Back in 2014 I stumbled across some gifs on Tumblr that pictured a quirky, humorous cartoon. I had caught up on the shows I had been devoted to watching and my now-husband had about had it with me watching Futurama on repeat to fill the gaps. I shrugged and decided to check the show out, expecting it would at least be good background noise while I wrote or cleaned the house.
Immediately, I was intrigued the show was a Disney Channel Original. The humor I’d seen captured in bursts of flashing images or clips with subtitles did not seem particularly Disney to me. I had actually suspected Nickelodeon: I grew up watching Disney Channel shows back in the ‘90s and remembered them as wholesome, gentle cartoons based on movie arcs.
Enter Gravity Falls.
Alex Hirsch won the hearts of fans, reviewers, and Disney creative executives with his original paranormal cartoon. I fell in love with the bright and lighthearted writing in the first episode, even as I choke-laughed about the tenacity of gnomes. Quick-witted, punchy, and surprisingly dark and twisted, Gravity Falls has left its mark. The story of one last epic summer of childhood before twins Dipper and Mabel Pines turn thirteen is littered with imaginative storytelling and superbly developed characters.
I binge-watched the first season online and quickly found myself awaiting each new episode’s release. I started to wonder how I’d go about cosplaying Wendy, in her infinite teenage badassery, at my local con. My husband even jumped onboard the fandom. We went online to search forums for clues we’d missed in episodes, studied fan theories, and idolized fanart. We debated who, or what, we thought The Author might be. Of course we discussed the show’s villain and, honestly, a terrifying character to reckon with, Bill Cipher.
And it wasn’t soon after that I felt my heart break when I learned the show was coming to what I felt was a premature end. There was still so much potential to be had! I wanted more, more, more. Initially, I rebuked the whole idea of the show being over. There were too many answers I craved still, more information to discover in its universe.
Which is exactly why Alex Hirsch is a beautiful creative genius. From the moment he began his journey with Gravity Falls he knew the show would have a finite span. There was a specific story he wanted to tell in a specific way and he not only made it happen, but managed to convince a huge network to sponsor him in the process.
Mr. Hirsch wrote a Tumblr post explaining his decision. He assured lamenting fans that this was his choice and it was the right one to make. Hirsch had total control over the outcome and ending the show at the end of season two was not only what he wanted, but had been counting on since it began. Questions would be answered (most of them, anyway) and there would be a definite conclusion for fans to relish in.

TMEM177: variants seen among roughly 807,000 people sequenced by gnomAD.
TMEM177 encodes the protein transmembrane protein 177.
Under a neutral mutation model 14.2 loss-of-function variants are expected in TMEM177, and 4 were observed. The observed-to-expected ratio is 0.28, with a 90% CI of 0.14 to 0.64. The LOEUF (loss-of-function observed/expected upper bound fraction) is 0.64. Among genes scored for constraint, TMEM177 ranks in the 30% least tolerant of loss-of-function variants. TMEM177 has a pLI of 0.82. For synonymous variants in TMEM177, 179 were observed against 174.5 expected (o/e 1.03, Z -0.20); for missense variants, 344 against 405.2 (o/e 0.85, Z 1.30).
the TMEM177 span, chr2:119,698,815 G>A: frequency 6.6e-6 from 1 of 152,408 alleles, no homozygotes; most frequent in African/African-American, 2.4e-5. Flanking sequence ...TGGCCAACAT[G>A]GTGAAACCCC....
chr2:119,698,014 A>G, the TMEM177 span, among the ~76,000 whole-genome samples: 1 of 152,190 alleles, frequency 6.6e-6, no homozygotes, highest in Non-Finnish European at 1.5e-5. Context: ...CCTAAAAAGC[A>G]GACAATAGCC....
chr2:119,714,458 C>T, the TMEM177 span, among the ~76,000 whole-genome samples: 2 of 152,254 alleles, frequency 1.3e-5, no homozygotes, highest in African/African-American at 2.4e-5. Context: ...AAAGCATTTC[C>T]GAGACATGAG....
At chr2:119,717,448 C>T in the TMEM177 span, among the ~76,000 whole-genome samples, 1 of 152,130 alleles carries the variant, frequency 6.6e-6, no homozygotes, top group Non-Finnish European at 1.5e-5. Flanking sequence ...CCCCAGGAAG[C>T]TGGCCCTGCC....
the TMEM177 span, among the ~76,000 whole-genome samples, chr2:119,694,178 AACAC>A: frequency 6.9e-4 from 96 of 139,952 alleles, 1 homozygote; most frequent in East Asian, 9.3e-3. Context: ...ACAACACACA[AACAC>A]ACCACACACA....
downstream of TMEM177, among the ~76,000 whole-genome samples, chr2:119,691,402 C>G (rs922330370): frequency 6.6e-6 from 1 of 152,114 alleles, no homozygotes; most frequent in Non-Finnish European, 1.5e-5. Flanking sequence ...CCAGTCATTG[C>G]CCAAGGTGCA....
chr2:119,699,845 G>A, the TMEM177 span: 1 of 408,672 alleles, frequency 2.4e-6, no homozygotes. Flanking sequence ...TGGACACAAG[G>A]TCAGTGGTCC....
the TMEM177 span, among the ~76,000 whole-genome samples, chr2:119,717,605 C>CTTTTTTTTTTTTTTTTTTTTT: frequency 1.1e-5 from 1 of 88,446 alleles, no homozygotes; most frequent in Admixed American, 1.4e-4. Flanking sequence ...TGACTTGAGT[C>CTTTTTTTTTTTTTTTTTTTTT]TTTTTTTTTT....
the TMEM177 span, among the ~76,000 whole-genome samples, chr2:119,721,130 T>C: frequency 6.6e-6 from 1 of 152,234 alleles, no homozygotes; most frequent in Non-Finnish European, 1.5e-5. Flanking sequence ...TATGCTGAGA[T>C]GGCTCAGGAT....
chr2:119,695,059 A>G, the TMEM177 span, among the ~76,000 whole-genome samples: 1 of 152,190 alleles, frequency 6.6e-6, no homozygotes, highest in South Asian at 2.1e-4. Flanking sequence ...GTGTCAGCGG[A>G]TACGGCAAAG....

When the masterfully written finale aired earlier this year, after I had been anxiously waiting for it, I realized Alex Hirsch had done us all a huge favor. Once I’d dried my tears and blew my nose, I reviewed the entirety of Gravity Falls. I suddenly remembered my past favorite shows and how some of them had gone on just a titch too long and had lost themselves in the process. Or shows I had been heavily invested in that got pulled off the air with no warning and left me in a lurch, desperate for some form of closure. Gravity Falls was a rampant success for Disney: it could have easily lived on to see itself become some twisted, nightmarish form of what it once was. As a gamble for the network from the beginning, it could have just as easily been cancelled. However, Mr. Hirsch balanced his creative vision in the sweet spot of both worlds.
He knew exactly what he was doing from the beginning.
Alex Hirsch wrote a critically acclaimed show that fascinated viewers and ended in a way that satisfied most fans. He intentionally didn’t answer every single aching question because, honestly, how boring would that have been for us all? This show was about intrigue and mystery and danger. If it had ended all wrapped up with no loose ends, it would have felt too stiff, ingenuous. This show and its ending changed me as a writer and as a media consumer. It made me more critical of how plot is handled and most importantly:
How to say goodbye.
We fans should appreciate that Gravity Falls lasted only as long as it was meant to. If I could shake Mr. Hirsch’s hand, I would. His ability to draw an adored story to a close is expert. When the time comes, I hope to channel him at the end of my book series. Goodbyes are hard, they are the hardest, but he managed to dull the pain. To have such an utterly poignant and satisfying ending to a show I’d been obsessed with, is next level craftsmanship.
So thank you, Alex Hirsch, for creating Gravity Falls. Thank you for the wondrous and tense moments of growing with loveable characters. But, most importantly, thank you for ending the show while we could still love it for what it was, a short and sweet adventure that reflected the essence of childhood. I can’t wait to see what you do next.